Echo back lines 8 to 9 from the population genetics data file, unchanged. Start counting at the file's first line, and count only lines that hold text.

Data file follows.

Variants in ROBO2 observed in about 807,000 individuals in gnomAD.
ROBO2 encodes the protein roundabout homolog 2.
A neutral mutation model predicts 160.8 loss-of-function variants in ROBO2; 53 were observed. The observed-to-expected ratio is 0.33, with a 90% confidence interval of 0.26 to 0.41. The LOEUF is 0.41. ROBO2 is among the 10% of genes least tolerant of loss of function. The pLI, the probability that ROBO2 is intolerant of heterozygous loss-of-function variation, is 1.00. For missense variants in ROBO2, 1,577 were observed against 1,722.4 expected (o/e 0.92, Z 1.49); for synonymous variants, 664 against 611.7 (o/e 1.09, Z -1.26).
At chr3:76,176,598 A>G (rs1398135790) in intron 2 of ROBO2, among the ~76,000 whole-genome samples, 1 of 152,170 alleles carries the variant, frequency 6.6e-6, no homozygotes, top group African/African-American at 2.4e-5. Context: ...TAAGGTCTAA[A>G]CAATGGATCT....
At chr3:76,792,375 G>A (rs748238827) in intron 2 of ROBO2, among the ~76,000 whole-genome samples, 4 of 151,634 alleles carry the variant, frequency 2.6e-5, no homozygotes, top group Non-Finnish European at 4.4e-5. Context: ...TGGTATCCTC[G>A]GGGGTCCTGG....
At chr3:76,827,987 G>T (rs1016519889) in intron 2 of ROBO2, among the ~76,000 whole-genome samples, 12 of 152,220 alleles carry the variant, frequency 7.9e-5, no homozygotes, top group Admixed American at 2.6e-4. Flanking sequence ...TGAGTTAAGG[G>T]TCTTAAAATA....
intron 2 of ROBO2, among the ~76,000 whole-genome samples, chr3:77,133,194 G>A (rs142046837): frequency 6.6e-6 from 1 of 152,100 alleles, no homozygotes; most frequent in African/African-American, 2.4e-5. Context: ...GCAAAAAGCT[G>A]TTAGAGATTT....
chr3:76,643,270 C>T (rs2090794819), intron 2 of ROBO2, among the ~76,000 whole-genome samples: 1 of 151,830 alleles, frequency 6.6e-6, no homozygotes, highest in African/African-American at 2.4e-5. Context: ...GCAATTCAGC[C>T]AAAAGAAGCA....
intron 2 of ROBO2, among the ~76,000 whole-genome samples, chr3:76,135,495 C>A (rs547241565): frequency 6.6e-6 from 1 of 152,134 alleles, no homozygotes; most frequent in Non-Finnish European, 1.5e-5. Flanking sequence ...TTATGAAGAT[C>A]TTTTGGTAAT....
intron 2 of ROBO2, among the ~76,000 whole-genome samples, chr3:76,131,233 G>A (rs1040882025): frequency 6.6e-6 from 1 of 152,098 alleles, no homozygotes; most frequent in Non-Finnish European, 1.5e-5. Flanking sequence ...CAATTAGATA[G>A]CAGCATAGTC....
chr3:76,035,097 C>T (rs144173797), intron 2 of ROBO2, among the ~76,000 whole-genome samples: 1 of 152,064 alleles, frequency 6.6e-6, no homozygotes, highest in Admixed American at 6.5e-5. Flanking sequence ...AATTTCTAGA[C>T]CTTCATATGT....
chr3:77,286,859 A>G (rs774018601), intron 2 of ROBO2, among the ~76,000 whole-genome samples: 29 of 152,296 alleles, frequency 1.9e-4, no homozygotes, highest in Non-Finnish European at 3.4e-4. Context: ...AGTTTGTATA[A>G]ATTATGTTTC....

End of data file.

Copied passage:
chr3:76,643,270 C>T (rs2090794819), intron 2 of ROBO2, among the ~76,000 whole-genome samples: 1 of 151,830 alleles, frequency 6.6e-6, no homozygotes, highest in African/African-American at 2.4e-5. Context: ...GCAATTCAGC[C>T]AAAAGAAGCA....
intron 2 of ROBO2, among the ~76,000 whole-genome samples, chr3:76,135,495 C>A (rs547241565): frequency 6.6e-6 from 1 of 152,134 alleles, no homozygotes; most frequent in Non-Finnish European, 1.5e-5. Flanking sequence ...TTATGAAGAT[C>A]TTTTGGTAAT....